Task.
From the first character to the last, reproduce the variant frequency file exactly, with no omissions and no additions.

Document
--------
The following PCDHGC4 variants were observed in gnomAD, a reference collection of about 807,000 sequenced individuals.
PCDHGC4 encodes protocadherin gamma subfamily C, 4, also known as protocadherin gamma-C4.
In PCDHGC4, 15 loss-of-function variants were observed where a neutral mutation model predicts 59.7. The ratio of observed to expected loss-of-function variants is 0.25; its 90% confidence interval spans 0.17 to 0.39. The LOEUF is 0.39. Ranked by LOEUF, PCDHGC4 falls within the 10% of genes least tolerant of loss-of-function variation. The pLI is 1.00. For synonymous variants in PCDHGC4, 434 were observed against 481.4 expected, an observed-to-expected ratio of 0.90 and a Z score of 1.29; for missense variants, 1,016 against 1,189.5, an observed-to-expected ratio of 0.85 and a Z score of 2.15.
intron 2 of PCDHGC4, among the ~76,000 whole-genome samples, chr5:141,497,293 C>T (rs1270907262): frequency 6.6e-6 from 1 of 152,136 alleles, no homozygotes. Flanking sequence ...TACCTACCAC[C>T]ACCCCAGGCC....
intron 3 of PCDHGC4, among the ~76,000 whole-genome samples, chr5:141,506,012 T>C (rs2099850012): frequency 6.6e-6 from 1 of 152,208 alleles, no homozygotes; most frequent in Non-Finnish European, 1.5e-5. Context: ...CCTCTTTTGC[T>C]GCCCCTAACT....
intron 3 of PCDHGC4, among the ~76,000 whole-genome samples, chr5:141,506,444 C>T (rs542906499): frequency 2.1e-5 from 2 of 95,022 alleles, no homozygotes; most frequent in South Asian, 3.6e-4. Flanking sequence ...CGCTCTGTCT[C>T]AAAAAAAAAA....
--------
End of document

The following PCDHGC4 variants were observed in gnomAD, a reference collection of about 807,000 sequenced individuals.
PCDHGC4 encodes protocadherin gamma subfamily C, 4, also known as protocadherin gamma-C4.
In PCDHGC4, 15 loss-of-function variants were observed where a neutral mutation model predicts 59.7. The ratio of observed to expected loss-of-function variants is 0.25; its 90% confidence interval spans 0.17 to 0.39. The LOEUF is 0.39. Ranked by LOEUF, PCDHGC4 falls within the 10% of genes least tolerant of loss-of-function variation. The pLI is 1.00. For synonymous variants in PCDHGC4, 434 were observed against 481.4 expected, an observed-to-expected ratio of 0.90 and a Z score of 1.29; for missense variants, 1,016 against 1,189.5, an observed-to-expected ratio of 0.85 and a Z score of 2.15.
intron 2 of PCDHGC4, among the ~76,000 whole-genome samples, chr5:141,497,293 C>T (rs1270907262): frequency 6.6e-6 from 1 of 152,136 alleles, no homozygotes. Flanking sequence ...TACCTACCAC[C>T]ACCCCAGGCC....
intron 3 of PCDHGC4, among the ~76,000 whole-genome samples, chr5:141,506,012 T>C (rs2099850012): frequency 6.6e-6 from 1 of 152,208 alleles, no homozygotes; most frequent in Non-Finnish European, 1.5e-5. Context: ...CCTCTTTTGC[T>C]GCCCCTAACT....
intron 3 of PCDHGC4, among the ~76,000 whole-genome samples, chr5:141,506,444 C>T (rs542906499): frequency 2.1e-5 from 2 of 95,022 alleles, no homozygotes; most frequent in South Asian, 3.6e-4. Flanking sequence ...CGCTCTGTCT[C>T]AAAAAAAAAA....